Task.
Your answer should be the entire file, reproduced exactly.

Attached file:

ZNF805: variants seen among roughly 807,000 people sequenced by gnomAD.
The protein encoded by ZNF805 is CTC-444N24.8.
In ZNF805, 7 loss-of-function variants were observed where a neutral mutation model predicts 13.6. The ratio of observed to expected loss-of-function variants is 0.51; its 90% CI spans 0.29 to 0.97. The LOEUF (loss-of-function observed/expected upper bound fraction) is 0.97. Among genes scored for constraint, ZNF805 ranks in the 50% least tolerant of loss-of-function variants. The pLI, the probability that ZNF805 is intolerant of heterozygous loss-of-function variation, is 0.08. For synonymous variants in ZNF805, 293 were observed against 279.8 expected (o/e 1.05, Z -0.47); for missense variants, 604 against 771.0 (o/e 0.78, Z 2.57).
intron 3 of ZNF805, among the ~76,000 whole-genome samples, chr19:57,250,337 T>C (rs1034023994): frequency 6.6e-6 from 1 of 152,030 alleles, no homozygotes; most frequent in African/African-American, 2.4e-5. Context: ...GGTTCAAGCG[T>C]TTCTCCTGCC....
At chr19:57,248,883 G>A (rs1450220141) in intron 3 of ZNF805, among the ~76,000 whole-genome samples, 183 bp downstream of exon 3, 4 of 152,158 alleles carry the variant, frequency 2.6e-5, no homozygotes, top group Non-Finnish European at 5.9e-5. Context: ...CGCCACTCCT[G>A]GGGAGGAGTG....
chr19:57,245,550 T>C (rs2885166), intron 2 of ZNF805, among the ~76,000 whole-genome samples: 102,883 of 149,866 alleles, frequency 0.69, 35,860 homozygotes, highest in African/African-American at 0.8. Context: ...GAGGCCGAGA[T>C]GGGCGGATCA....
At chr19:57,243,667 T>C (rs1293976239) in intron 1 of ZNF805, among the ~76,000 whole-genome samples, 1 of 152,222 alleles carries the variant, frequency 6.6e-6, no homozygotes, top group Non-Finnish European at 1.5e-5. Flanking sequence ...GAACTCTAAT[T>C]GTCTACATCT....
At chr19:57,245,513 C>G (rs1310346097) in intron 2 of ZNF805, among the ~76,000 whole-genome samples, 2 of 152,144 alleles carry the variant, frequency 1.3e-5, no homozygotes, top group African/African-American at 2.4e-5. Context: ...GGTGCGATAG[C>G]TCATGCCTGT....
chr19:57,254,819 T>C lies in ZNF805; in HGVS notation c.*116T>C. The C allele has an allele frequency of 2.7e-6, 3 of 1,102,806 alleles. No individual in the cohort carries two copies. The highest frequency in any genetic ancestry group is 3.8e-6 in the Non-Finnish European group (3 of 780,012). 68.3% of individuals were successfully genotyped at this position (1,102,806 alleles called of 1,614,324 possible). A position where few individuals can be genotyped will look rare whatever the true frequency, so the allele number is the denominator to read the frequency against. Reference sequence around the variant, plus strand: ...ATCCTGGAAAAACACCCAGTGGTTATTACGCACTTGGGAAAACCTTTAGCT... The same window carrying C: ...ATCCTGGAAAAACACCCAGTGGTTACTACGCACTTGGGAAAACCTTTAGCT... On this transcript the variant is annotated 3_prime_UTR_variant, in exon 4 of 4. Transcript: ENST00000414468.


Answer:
ZNF805: variants seen among roughly 807,000 people sequenced by gnomAD.
The protein encoded by ZNF805 is CTC-444N24.8.
In ZNF805, 7 loss-of-function variants were observed where a neutral mutation model predicts 13.6. The ratio of observed to expected loss-of-function variants is 0.51; its 90% CI spans 0.29 to 0.97. The LOEUF (loss-of-function observed/expected upper bound fraction) is 0.97. Among genes scored for constraint, ZNF805 ranks in the 50% least tolerant of loss-of-function variants. The pLI, the probability that ZNF805 is intolerant of heterozygous loss-of-function variation, is 0.08. For synonymous variants in ZNF805, 293 were observed against 279.8 expected (o/e 1.05, Z -0.47); for missense variants, 604 against 771.0 (o/e 0.78, Z 2.57).
intron 3 of ZNF805, among the ~76,000 whole-genome samples, chr19:57,250,337 T>C (rs1034023994): frequency 6.6e-6 from 1 of 152,030 alleles, no homozygotes; most frequent in African/African-American, 2.4e-5. Context: ...GGTTCAAGCG[T>C]TTCTCCTGCC....
At chr19:57,248,883 G>A (rs1450220141) in intron 3 of ZNF805, among the ~76,000 whole-genome samples, 183 bp downstream of exon 3, 4 of 152,158 alleles carry the variant, frequency 2.6e-5, no homozygotes, top group Non-Finnish European at 5.9e-5. Context: ...CGCCACTCCT[G>A]GGGAGGAGTG....
chr19:57,245,550 T>C (rs2885166), intron 2 of ZNF805, among the ~76,000 whole-genome samples: 102,883 of 149,866 alleles, frequency 0.69, 35,860 homozygotes, highest in African/African-American at 0.8. Context: ...GAGGCCGAGA[T>C]GGGCGGATCA....
At chr19:57,243,667 T>C (rs1293976239) in intron 1 of ZNF805, among the ~76,000 whole-genome samples, 1 of 152,222 alleles carries the variant, frequency 6.6e-6, no homozygotes, top group Non-Finnish European at 1.5e-5. Flanking sequence ...GAACTCTAAT[T>C]GTCTACATCT....
At chr19:57,245,513 C>G (rs1310346097) in intron 2 of ZNF805, among the ~76,000 whole-genome samples, 2 of 152,144 alleles carry the variant, frequency 1.3e-5, no homozygotes, top group African/African-American at 2.4e-5. Context: ...GGTGCGATAG[C>G]TCATGCCTGT....
chr19:57,254,819 T>C lies in ZNF805; in HGVS notation c.*116T>C. The C allele has an allele frequency of 2.7e-6, 3 of 1,102,806 alleles. No individual in the cohort carries two copies. The highest frequency in any genetic ancestry group is 3.8e-6 in the Non-Finnish European group (3 of 780,012). 68.3% of individuals were successfully genotyped at this position (1,102,806 alleles called of 1,614,324 possible). A position where few individuals can be genotyped will look rare whatever the true frequency, so the allele number is the denominator to read the frequency against. Reference sequence around the variant, plus strand: ...ATCCTGGAAAAACACCCAGTGGTTATTACGCACTTGGGAAAACCTTTAGCT... The same window carrying C: ...ATCCTGGAAAAACACCCAGTGGTTACTACGCACTTGGGAAAACCTTTAGCT... On this transcript the variant is annotated 3_prime_UTR_variant, in exon 4 of 4. Transcript: ENST00000414468.